Thurston said advertisement will appear twice in March, followed by a hearing in April.
He said paperwork would then be sent to state for approval.
Motsinger made a motion to approve. Spaulding seconded the motion. The vote passed 7-0
ASSIGN A BROKER FOR PROPERTY CASUALTY INSURANCE COVERAGE
Garloch, Haendiges, Dr. Reed, Dr. Thurston and Kelly Kitchel, Salem’s Loss Prevention/Risk Management Consultant met on March 8 to interview prospective brokers/agents for the property casualty insurance renewal for 2018/19.
The three interviewed were:
- Kyle Browning from Witkemper Insurance Group
- Jason Bukoswki with Moore-Shepherd Insurance
- Kevin Kreckler and Debbie Hurst from Assured Partners
Thurston recommened hiring Moore-Shepherd Insurance.
Haendiges made a motion. Abbott seconded the motion. The motion passed 7-0.
APPROVED AFFIDAVIT FOR PAYMENT
The Indiana State Board of Accounts recommended the board approve affidavits for payments prior to submission to US Bank in Louisville. This affidavit for payment will be taken from the 2016 Construction Funds and are for the final payment request for the remodel of the Bradie Shrum office and computer lab.
Motsinger made a motion. Wheeler seconded the motion. The motion passed 7-0.
APPROVAL OF STIPENDS
Dr. Reed asked the board to approve a stipend of $250 for Kean Garvin and Mark Coombs for additional bus work during the frigid weather.
Reed said the board had agreed last fall that all future stipends would be merit-based.
Abbott made a motion to approve. Garloch seconded the motion. The motion passed 7-0
APPROVAL OF NEW PROGRAM FOR FRESHMAN
Salem High School Principal Troy Albert spoke to the board about a new opportunity for our high school freshman.
“We would like to ask permission to speak to freshman and their parents about a trip to Pigeon Key, Florida in March 2019 for any of next years’ sophomores,” said Albert. “It is through World Strides and called Splash Into Science. STEM activity for science and possiblity of getting an elective college credit. Unique opportunity will allow students to experience marine biology and to learn of all the careers that are there. We’ve worked with them for 4 years.”
Albert’s wife, Karen, said she is a retired science teacher and recommends the trips. “It creates such enthusiasm with the kids. It’s 5 days in March – from the 20th to 24th. We fly out early and fly in late. They hit the road as soon as they land and start making stops.”
Karen said students are taken to the turtle hospital so they can see things that are happening in the ocean that are affecting the turtles.
“This is a very science oriented program. Would really enhance the biology that they’re finishing up as freshman. Swim with the dolphins. Learn about anatomy. Snorkle in coral reef. Identify different kinds of fish, reefs…so they know what they see when they go out there,” she said.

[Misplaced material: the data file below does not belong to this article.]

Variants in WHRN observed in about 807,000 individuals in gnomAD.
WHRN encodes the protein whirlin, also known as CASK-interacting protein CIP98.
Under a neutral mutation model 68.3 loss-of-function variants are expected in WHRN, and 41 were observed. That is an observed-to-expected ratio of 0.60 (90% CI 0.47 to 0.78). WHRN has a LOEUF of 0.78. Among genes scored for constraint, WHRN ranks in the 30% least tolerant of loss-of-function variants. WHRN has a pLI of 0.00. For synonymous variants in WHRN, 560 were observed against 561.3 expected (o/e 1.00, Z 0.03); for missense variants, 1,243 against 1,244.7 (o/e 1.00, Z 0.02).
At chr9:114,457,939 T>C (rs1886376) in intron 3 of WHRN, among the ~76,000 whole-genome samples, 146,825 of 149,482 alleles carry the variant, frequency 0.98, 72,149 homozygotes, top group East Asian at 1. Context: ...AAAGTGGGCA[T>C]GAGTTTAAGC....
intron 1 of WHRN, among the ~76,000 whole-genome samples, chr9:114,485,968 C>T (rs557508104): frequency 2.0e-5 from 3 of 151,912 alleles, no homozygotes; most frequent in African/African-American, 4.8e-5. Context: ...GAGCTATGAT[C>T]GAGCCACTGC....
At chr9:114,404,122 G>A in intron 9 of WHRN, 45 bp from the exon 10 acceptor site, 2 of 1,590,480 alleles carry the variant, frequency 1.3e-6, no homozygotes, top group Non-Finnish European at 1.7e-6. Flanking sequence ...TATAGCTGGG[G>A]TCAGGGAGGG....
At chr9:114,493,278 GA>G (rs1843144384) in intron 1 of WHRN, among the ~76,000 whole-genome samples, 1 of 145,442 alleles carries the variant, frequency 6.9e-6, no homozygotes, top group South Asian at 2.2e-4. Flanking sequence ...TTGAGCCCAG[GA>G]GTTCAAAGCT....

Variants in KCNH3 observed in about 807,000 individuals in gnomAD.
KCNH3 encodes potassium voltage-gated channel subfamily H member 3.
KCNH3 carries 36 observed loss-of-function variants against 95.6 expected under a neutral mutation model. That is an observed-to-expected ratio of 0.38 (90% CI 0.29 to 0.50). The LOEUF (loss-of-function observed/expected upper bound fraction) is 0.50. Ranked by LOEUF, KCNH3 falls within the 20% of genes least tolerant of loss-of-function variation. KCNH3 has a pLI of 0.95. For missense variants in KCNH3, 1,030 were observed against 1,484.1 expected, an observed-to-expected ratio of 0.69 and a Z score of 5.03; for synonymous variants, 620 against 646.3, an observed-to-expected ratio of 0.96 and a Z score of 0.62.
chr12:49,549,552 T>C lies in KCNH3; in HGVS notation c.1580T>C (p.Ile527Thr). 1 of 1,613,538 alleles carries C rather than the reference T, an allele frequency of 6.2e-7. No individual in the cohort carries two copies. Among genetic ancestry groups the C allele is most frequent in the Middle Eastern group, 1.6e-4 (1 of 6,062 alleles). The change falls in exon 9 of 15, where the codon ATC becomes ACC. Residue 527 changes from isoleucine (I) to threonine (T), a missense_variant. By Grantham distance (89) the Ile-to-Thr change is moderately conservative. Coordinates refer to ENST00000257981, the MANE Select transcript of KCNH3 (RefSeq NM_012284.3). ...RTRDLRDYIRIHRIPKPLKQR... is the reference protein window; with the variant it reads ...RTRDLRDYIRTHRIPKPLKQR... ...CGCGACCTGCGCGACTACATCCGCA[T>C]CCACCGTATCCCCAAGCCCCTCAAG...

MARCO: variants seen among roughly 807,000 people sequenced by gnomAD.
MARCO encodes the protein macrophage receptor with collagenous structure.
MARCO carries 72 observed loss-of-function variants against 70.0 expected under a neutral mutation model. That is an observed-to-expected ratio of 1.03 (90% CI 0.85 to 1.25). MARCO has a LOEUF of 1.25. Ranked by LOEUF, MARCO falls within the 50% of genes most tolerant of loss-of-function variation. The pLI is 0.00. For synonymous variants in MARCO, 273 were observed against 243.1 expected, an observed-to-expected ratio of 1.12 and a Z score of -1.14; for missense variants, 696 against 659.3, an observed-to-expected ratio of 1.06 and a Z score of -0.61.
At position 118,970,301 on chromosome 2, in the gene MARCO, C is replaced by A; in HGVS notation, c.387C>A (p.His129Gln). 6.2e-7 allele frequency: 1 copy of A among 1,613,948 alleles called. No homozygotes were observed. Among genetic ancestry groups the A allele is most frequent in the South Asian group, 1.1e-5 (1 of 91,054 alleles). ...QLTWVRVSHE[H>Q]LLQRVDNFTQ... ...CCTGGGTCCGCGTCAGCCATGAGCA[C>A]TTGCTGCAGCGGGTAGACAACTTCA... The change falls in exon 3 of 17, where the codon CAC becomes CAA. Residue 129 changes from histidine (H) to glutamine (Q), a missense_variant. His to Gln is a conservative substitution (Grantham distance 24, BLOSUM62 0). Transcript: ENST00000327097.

The cost is $2000 per student, which is all-inclusive.
White said she had heard of the program from other schools. “It’s such a success. Such a great opportunity. We live in a landlocked state. I’ve had two daughters who wanted to be marine biologists. I’ve heard so many great success stories from other schools.”
Troy said he had investigated the costs to do the same program on their own. “I tried to see if we could do this on our own….it would cost $3800. There is a significant savings by going through this company.”
He said the program would tie in some of the career and college readiness and also provide college credit for the students.
The board approved the project to go forward
Dr. Reed told the board the school has received permission from the state to have the e-learning date of Thursday, March 22.
“We will be sending home letters and have a link online if the child needs transportation,” Reed said.
“We’re going to run buses from normal start time until about 11a. If any child needs transportation we will make that available through our bus routes. We are asking that children sign up by Monday at noon so we can coordinate the routes. Just for Thursday. If you have internet at home, they don’t have to come in. The transportation is for children who don’t have internet access at home. We will have all buildings open. Staff will be in the computer rooms. Next year, we’ll probably open one building. They can come into one building.”
Reed also reminded the board and the public of the SHS Choir Concert Tuesday night and the band concert on Thursday night.
Reed also noted plans were moving ahead with Salem Schools as a pilot program with Net Talon, the safety company behind the Safest School in America – which is in Shelbyville, IN.
She said the middle school will likely be chosen since it has the fewest students.
White noted the next regular meeting will be April 9.
Wheeler made a motion to dismiss. Motsinger seconded the motion.